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The women who created a new language

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Another way to give new life the word is to pull together words in new ways.

Charlotte Bronte was a genius of compelling compounds. We likely owe the origin of 'self-doubt' and 'Wild-West' to her, as well as 'spring-clean.'

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The women who created a new language

The women who created a new language

http://www.bbc.com/culture/story/20200507-the-women-who-created-a-new-language

bbc.com

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Key Ideas

Creating words

In times past, when circumstances demanded new ways of expression, it was often female writers who invented new words.

The word 'frustrating' makes its first appearance in print in George Eliot's novel Middlemarch, when she describes "the hampering threadlike pressure of small social conditions, and their frustrating complexity."

Taking inspiration from George Eliot and Jane Austen, Charlotte Bronte and Dorothy Wordsworth, we can find some helpful principles for sculpting a vocabulary to describe the surreal realities in these tense and trying times.

Get your ‘-ness’ on

The suffix '-ness' can transform a plain word into something stranger and affectingly abstract. For example, 'dark' is factual, whereas 'darkness' is more graphic and poetic.

Other words that already follow this form: the unvisitedness of our parents and grandparents. The unembracedness of our friends. The egglessness of our pantries.

You are what you '-r'

To show the depths of your connection with a place or feeling, simply adding an 'r' or an 'er' to the end of a noun can show a new existential title.
Jane Austen christened a group of random gamblers around a casino table, all coming from the 'outside,' as 'outsiders.' In her novel Emma, she turned the word 'sympathy' into 'sympathizer,' the first recorded use of that word.

Join the Hyphen Nation

Another way to give new life the word is to pull together words in new ways.

Charlotte Bronte was a genius of compelling compounds. We likely owe the origin of 'self-doubt' and 'Wild-West' to her, as well as 'spring-clean.'

The Wisdom of '-isms'

The suffix '-ism' is the quickest way to transport a word into the realms of respectable doctrine, system, or movement.

The novelist George Eliot is credited with formulating the word 'meliorism' - the belief that the world's suffering is healable if we all work together to that end.

SIMILAR ARTICLES & IDEAS:

Weak Words Used Often

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'Think'

We use "I think: often while at work, but it's a dysfunctional addition to a start of a sentence, that while ok to use occasionally in trivial situations, is to be avoided in meetings or one-on-ones.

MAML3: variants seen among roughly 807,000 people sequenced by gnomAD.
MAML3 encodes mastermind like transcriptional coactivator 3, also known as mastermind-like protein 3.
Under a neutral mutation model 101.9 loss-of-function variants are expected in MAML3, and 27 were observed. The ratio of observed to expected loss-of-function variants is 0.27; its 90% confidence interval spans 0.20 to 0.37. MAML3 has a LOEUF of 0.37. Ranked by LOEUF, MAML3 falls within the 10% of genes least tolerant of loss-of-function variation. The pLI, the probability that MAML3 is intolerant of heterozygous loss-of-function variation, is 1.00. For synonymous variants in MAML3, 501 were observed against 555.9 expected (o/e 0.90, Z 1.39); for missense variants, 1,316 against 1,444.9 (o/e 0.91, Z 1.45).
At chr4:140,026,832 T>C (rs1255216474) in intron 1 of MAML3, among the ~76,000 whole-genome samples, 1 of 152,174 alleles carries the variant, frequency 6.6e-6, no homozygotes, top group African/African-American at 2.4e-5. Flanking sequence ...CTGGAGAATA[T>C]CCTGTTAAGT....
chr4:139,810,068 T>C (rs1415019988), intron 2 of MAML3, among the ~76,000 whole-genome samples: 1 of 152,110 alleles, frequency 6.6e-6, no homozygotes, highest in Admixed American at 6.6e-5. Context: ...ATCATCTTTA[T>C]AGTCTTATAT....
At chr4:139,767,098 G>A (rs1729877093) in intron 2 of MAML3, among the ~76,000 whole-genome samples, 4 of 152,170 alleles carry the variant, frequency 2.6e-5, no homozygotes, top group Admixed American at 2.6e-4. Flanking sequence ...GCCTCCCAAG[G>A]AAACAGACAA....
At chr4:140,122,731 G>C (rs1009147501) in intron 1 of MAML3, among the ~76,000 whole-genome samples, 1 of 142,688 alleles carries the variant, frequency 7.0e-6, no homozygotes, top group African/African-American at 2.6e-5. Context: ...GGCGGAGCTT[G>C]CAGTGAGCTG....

Try replacing it with "I'm confident".

'Need'

When we use "I need" at the start of a sentence it sounds like pleading rather than empowered. It makes us sound needy.

Swap "I need" with "Please" to sound polite and confident.

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Letters Of Complaint

Be polite. The person who gets your letter will seldom be the one who wronged you. And is unlikely to pass it on to the desired recipient if you are insulting and raging.

Make plain...

Letters To Friends

Always remember that your job, writing to a friend, is to entertain. That can mean revelling in the odd pratfall. So, don’t just write about the mundane and pleasant things, try to give them the whole picture and make them feel something.

Letters Of Condolence
  • You are extending respect and friendship. Write quickly, and preferably by hand.
  • You’ll want to calibrate what you write to your relationship both with the recipient and with the deceased. Make it personal.
  • If you knew the deceased well, sharing a couple of warm memories will let the recipient feel there’s a shared bond.
  • If you didn’t know the deceased, you can make respectful reference to what you knew of them.
  • Use tact. Don’t tell the recipient how they should be feeling.
  • If you’re finding it hard to know what to say, you can acknowledge that; but don’t harp on it.
  • Avoid operatic, or competitive, expressions of grief.
  • Acknowledge, but don’t belabour, the grief and pain they feel.
  • Focus on the individual excellence of the deceased rather than the consequences of the loss itself.
  • Be tactful of their religion even if you don’t believe in it. 

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Listen

The more you expose yourself to the new language, the sooner you will become familiar with its sounds and structures. Familiarity, in turn, will speed understanding.

Copy

Repeating the sounds (out loud or in your head) will give you a feel for the language. Memorize not just words, but sentences and even songs to get the rhythm and intonation of the language. 

Read

Read words, sentences, children’s books, newspaper articles. Read as far and near as you can, whether out loud to an audience or quietly to yourself. 

Seeing the language in print helps you understand word structures. It also anchors the new sounds, and helps them get imprinted in your mind.

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Online Dating Saves People Money